Pull out your fiddles, guitars, banjos (you name it) for an acoustic jam session. Campus and community folk musicians play together over the lunch hour. All skill levels welcome. Listeners welcome!

Oh well, I guess my fiddle will have to stay put away until another day.

Deciduous Fruiting Vine

Vitis californica “Roger’s Red”

Our favorite of the California native grapes. Great color, tasty fruit, easy to grow. They will grow 10 to 20 ft. vines once mature that will cover an arbor pretty early in the summer and help keep all that hot, messy sunshine off your patio, but then will die back in the winter allowing all the warm comfy sun to reach into your living room through the windows and onto your sofa where you are relaxing with a cup of hot steaming joe.

Delicious!

Desert Milkweed

Also known as Rush Milkweed, or Ajamente.

Asclepias subulata

Native throughout the Sonoran Desert of California, Nevada, Arizona and well into Mexico too. Fairly cold hardy, they will grow 3 to 5 ft. tall.

The flowers are spectacular, the leaves are tiny, and generally they look like bare stems. Hence, we’ve had these plants for a year and nobody has bought them up. Will you take a chance on one?

Desert Milkweed

Asclepias subulata is Hap’s new favorite perennial. These are very cold hardy (down to 20F) and need only a little water through the summer dry season. They’ll get 4 to 5ft. tall and will attract the usual complement of butterflies and bees and even some birds too.

Native to California as well as Arizona and Nevada and down into Baja too. It will get leaves, but they don’t last long.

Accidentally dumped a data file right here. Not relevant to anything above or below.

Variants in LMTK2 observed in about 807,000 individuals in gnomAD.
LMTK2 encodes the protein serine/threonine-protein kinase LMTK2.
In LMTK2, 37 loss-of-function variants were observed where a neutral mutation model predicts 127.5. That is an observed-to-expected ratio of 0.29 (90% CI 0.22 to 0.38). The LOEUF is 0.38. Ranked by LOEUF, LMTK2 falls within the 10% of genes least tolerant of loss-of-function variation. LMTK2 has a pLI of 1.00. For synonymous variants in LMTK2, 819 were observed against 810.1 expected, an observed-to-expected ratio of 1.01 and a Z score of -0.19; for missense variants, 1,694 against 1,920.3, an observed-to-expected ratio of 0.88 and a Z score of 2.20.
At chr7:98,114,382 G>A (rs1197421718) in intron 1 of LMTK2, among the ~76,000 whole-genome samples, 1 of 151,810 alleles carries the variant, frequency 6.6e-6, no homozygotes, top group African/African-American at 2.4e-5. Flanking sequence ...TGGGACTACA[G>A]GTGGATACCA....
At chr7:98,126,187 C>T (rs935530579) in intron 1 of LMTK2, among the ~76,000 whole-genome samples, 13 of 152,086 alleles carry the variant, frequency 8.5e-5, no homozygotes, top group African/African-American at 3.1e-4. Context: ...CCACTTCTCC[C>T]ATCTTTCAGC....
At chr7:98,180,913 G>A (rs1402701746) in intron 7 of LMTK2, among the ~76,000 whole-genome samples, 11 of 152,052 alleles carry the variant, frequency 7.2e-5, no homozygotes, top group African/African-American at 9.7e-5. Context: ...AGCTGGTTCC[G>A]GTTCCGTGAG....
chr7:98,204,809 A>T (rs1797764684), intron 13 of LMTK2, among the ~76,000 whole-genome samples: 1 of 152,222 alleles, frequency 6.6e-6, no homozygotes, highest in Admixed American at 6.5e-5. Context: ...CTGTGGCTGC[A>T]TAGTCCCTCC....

These are classically inclined to be complementary with a very dry cactus garden, so go ahead and plan it out that way.

Desert Thorn Apple

Datura discolor

Nice flowers. And it’s in the Solanum Family (Solanaceae) so you know the leaves are poisonous. Why is it called Thorn Apple? Because of this:

Desert Willow

Chilopsis linearis is kind of a funny plant when small like these. And yet they have these large papery flowery thingys.

Usually a small tree to 15ft. tall, occasionally they can get 25+ft. They like frost in the winter but not so cold that they would get below 0F.

Dudleya Questions

f655e614ae9d11e3b4f512ec8408a5e2_8[1]

Dudleya brittonii, the Giant Chalk Dudleya from Baja California. Now don’t argue with me here – I have an answer for any objections you might have to my answer below.

Q: How do you differentiate between a dudleya and a echeveria?

Mary
(via Instagram)

Mary-

They are very closely related! But Dudleyas are California native and summer dormant, while Echeverias are Mexican and winter dormant. Also Echeveria flowers are more brightly colored.

Peter

Dudleyas for Everyone!

Hi Peter

I was at Cactus Jungle this morning – here is a picture of my succulent that is unidentified. It has been in the ground three years in full sun has not grown much in that time. Looks like a chrysanthemum.

Thank you Hortensia

Hortensia,

That’s a Dudleya. We do have those here at the store, out on the floor, but they do not have as much red on the tips as in the photo. It is a very slow growing succulent that forms only small clumps.

Peter

September 2021
M T W T F S S
 12345
6789101112
13141516171819
20212223242526
27282930  

US Constitution

Videos



We Get Questions

Email your questions to:

blog [at] cactusjungle [dot] com